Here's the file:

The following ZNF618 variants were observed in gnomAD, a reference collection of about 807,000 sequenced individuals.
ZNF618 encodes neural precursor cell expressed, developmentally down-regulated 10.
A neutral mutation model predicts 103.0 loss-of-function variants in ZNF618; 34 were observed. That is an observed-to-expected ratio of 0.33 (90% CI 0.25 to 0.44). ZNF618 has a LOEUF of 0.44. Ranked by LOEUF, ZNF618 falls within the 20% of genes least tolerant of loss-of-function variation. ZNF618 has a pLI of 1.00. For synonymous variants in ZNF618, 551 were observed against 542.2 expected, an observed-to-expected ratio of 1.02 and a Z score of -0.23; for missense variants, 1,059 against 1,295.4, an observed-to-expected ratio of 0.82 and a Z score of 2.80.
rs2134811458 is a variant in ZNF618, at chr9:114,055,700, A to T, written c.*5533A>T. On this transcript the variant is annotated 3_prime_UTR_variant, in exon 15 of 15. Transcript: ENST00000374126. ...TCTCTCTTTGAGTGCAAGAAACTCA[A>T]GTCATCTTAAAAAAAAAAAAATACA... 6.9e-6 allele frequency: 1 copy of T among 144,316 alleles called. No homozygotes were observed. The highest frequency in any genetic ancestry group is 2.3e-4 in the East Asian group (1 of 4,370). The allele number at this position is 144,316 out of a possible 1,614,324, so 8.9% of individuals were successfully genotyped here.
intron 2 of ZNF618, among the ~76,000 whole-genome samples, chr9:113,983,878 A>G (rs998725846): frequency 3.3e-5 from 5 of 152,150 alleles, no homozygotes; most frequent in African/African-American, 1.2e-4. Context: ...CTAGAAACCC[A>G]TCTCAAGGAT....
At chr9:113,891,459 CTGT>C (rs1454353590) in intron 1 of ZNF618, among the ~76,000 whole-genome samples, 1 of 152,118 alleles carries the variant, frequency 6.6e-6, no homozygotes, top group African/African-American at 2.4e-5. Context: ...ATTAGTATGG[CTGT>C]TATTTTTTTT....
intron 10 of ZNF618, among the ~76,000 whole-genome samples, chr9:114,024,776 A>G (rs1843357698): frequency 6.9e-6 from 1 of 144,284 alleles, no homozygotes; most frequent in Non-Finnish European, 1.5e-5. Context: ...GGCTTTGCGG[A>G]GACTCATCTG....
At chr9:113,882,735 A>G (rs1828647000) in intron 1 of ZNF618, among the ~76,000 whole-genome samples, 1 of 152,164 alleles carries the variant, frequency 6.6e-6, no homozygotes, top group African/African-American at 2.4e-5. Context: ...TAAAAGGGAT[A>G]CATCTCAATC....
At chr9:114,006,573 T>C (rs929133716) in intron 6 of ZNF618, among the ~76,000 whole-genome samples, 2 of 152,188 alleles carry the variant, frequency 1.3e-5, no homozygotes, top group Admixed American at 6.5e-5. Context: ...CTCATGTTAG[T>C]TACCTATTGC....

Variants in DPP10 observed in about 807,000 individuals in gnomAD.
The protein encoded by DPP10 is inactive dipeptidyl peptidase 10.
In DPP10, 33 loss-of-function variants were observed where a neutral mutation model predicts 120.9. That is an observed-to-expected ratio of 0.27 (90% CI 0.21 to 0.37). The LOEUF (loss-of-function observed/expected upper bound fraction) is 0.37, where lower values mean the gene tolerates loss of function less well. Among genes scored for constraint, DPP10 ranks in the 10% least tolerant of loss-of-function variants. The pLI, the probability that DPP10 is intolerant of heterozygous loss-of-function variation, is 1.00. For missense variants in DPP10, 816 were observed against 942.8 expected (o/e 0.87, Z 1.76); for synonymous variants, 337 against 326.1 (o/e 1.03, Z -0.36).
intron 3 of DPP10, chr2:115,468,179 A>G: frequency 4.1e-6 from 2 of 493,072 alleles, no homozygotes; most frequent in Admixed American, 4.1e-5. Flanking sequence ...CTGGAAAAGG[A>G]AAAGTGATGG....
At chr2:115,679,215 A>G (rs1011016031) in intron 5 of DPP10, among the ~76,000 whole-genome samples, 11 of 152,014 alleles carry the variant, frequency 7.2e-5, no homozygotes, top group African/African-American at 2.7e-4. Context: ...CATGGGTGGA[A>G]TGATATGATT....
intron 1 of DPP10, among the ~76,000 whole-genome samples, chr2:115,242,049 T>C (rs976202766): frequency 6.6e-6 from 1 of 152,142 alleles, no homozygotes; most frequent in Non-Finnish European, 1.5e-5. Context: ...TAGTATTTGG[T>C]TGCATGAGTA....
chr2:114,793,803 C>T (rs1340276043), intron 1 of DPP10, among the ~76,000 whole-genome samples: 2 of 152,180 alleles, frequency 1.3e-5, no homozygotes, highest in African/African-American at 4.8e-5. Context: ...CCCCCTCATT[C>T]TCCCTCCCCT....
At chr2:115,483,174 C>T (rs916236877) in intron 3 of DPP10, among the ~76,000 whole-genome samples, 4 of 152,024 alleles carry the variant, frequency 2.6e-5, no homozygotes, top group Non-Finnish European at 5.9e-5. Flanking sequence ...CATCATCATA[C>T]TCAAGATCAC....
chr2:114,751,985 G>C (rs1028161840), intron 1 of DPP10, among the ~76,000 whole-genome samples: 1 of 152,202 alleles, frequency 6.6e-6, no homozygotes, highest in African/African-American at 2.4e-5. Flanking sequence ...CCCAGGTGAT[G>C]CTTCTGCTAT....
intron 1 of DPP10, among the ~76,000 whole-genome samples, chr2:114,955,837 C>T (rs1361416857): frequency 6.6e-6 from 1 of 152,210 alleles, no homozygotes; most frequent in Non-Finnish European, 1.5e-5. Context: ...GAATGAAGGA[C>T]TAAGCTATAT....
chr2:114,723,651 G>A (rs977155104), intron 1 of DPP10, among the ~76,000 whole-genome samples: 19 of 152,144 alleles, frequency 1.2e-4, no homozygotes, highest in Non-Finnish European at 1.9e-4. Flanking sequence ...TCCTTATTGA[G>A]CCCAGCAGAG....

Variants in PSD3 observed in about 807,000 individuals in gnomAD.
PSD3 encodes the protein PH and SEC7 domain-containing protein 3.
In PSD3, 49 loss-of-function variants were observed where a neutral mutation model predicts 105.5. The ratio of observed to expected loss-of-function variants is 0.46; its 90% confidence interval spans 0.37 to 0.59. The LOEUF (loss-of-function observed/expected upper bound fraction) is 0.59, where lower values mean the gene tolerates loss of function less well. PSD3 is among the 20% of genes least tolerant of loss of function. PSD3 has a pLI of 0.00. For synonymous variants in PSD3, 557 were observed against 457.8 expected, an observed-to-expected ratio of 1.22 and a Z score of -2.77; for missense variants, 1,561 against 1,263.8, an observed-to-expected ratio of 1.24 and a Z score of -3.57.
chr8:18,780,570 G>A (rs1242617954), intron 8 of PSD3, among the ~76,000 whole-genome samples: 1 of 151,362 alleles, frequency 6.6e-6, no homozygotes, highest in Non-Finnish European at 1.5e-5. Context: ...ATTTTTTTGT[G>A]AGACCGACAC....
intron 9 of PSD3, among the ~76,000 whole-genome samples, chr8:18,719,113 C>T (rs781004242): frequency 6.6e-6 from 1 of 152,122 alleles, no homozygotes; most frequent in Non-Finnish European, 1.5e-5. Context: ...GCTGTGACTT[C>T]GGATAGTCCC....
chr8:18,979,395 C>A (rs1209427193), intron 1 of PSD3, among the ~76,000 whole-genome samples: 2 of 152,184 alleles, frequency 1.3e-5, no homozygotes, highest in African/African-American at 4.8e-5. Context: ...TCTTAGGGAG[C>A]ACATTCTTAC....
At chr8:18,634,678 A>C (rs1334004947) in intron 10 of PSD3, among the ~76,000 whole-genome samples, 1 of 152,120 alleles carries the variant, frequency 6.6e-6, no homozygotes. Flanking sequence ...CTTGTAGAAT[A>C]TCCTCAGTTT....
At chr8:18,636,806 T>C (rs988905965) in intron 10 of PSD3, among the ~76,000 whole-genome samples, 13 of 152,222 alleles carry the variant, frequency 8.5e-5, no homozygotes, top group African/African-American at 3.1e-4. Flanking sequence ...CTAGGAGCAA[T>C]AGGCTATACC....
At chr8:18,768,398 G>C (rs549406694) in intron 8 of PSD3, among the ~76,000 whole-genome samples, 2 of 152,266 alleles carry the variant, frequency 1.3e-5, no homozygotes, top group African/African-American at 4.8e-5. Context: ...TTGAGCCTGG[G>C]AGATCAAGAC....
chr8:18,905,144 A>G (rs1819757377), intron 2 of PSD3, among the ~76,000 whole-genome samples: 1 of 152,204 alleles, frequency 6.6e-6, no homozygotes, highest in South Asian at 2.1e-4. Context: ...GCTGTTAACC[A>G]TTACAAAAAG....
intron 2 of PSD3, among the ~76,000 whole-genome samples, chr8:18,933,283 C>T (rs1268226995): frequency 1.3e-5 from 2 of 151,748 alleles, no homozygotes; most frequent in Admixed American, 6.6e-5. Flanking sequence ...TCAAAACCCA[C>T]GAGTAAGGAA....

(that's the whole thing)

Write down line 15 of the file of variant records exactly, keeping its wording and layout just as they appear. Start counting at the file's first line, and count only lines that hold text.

intron 1 of DPP10, among the ~76,000 whole-genome samples, chr2:115,242,049 T>C (rs976202766): frequency 6.6e-6 from 1 of 152,142 alleles, no homozygotes; most frequent in Non-Finnish European, 1.5e-5. Context: ...TAGTATTTGG[T>C]TGCATGAGTA....